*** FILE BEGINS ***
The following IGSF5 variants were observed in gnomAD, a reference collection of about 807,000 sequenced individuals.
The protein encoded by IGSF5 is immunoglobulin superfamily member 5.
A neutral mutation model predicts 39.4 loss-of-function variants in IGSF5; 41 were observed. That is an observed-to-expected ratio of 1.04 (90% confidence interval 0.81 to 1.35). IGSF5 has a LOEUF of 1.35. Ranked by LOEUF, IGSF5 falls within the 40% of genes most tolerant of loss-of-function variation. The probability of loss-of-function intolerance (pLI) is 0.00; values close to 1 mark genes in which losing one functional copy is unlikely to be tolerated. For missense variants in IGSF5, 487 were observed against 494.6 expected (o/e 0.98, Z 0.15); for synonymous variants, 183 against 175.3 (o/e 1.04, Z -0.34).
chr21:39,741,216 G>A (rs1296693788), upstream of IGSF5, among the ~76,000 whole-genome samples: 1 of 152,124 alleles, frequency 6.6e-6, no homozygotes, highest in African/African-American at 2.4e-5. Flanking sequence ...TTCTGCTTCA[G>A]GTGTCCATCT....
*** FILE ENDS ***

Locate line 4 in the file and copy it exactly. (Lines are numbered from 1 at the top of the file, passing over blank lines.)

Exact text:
chr21:39,741,216 G>A (rs1296693788), upstream of IGSF5, among the ~76,000 whole-genome samples: 1 of 152,124 alleles, frequency 6.6e-6, no homozygotes, highest in African/African-American at 2.4e-5. Flanking sequence ...TTCTGCTTCA[G>A]GTGTCCATCT....